Calgarian couple discusses what helped their relationship succeed
The Center for the Study of Long-Distance Relationships, estimated in 2005 that one out of 10 marriages are reported to have experienced a period of long distance within the first three years of the relationship.
The Los Angeles based Center also did a survey of over 200 couples in long-distance relationships and found that the average couple was expected to remain apart for 14 months, and would only see each other about once a month during that time.
Michael Haggstrom, a psychotherapist who counsels patients on their relationships, says that due to increased communication modes, couples who have to be separated for a while are now more likely to stay together than they would have been in the past.
Perry Ellis and Katie Graham, who have been dating for five years, know first-hand what it is like to experience a long-distance relationship.
“It’s really hard,” says Ellis. “Sometimes you go days where you hardly talk to each other, and everything seems miserable.”
Although, they now live together and distance is no longer an issue, Ellis and Graham remember exactly how tough it was to be apart. They were separated for eight months while Ellis was going to school to become and electrician.
Another couple, Huw and Brenda Evans were separated from 1988 until 1990, which included the first few months of their marriage.
“We wound up spending most of our time apart for a few years,” says Huw Evans. “That was good since it let us both step back and think about whether we really wanted to get married.”
So what tips do these couples have that might help save your long-distance relationship?
“I would always just try to text him as often as I could. Not really important stuff, just kind of keep up to date with what each other was doing,” says Graham.
Ellis says that he would make sure to schedule a good amount of time to phone his girlfriend and catch up with her. This allowed him to focus all of his attention on what she was saying, and made the conversations more meaningful.
Psychotherapist Haggstrom, meanwhile, encourages his
patients to communicate in several different ways if they can.
“Skype is great, but there are times when I encourage a person to write a letter, or send a card,” he said. “Do not just always do the same thing.”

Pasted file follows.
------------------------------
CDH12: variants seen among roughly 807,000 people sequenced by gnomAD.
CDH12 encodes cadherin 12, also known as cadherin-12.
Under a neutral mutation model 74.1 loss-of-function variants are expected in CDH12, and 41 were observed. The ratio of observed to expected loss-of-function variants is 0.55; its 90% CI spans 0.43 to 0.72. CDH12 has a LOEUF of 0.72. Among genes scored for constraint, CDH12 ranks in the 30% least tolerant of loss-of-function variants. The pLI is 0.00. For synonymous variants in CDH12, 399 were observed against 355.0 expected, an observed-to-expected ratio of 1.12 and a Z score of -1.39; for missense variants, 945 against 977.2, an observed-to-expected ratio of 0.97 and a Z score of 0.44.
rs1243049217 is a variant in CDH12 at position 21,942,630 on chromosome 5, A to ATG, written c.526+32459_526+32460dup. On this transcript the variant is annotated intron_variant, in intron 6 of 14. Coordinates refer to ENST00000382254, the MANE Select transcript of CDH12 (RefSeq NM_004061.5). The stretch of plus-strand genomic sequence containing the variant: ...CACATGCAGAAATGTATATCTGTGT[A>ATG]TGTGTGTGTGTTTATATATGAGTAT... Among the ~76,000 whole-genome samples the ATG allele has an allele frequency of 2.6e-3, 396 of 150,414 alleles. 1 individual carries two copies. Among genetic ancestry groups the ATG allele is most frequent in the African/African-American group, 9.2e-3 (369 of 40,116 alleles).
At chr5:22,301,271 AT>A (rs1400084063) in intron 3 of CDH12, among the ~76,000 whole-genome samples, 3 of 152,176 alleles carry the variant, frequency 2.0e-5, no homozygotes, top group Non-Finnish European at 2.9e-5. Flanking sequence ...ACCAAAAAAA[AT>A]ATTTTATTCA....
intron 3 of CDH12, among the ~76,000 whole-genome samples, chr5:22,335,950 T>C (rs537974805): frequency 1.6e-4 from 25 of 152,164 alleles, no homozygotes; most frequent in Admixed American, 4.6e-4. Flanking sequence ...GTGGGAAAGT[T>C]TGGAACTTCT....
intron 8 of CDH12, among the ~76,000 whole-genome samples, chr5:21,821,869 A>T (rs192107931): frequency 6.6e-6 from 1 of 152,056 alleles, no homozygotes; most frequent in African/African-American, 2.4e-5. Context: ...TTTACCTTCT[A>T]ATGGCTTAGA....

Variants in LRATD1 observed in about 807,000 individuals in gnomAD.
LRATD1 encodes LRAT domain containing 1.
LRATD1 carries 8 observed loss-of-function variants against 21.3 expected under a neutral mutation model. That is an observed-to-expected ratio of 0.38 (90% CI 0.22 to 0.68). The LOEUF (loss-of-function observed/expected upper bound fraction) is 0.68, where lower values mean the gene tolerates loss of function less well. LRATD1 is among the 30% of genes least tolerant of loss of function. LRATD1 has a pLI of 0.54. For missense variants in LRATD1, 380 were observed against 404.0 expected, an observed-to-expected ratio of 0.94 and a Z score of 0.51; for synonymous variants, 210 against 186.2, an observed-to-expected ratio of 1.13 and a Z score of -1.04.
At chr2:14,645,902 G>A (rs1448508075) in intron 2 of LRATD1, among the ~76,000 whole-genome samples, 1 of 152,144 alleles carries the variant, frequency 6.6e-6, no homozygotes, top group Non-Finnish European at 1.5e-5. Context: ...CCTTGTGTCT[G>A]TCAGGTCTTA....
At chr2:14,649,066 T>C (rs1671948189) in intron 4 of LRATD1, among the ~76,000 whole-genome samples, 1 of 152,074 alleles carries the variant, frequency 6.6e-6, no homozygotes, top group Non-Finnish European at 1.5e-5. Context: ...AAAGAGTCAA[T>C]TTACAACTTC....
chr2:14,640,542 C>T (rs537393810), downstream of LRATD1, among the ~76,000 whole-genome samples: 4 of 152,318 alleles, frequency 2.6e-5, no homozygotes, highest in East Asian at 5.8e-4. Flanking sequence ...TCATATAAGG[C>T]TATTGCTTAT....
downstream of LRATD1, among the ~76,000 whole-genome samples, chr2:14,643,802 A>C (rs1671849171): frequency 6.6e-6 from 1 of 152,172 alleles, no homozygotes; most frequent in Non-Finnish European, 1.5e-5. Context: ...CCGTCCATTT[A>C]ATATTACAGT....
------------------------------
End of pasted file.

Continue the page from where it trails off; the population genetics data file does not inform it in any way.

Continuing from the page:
Don’t be afraid to make things a little more interesting, he suggests.
“Maybe watch a movie as you’re on Skype together and just watch the movie together. Try to still keep some kind of recreational companionship as best you can,” says Haggstrom.
2. Don’t end a conversation angry
“Sometimes you get frustrated when you’re apart from your boyfriend or girlfriend, and I found myself taking my frustrations out on her,” says Ellis. “I just had to remember that she was probably feeling the same way
I was and that being angry, or fighting, wouldn’t help anything.”
3. Don’t be afraid to get a little naughty
With today’s technology, it’s easy to send some fun pictures to your lover over text.
“Sometimes you’re just talking on webcam, and it’s completely innocent, but sometimes it can be fun if that innocent conversation becomes… less innocent,” says Ellis.
4. Make your time together count
“It was kind of nice when we actually did get to see each other; it was really special,” says Graham. “It made your time together matter. We wouldn’t just sit around and do nothing. We went out and really enjoyed the little time we had together.”
After spending months apart, you really want to make your time together count, especially if it is going to be brief. Plan some fun dates, and make sure you do things that you both want to do.
Haggstrom says that he encourages his patients to get together at least every three to six months.
5. Don’t forget why you’re doing It
“I think it’s easy to lose track of why you’re still together and just give up, but if your relationship is really important to you, you’ll set those feelings aside and remember how much you love the other
person,” says Ellis.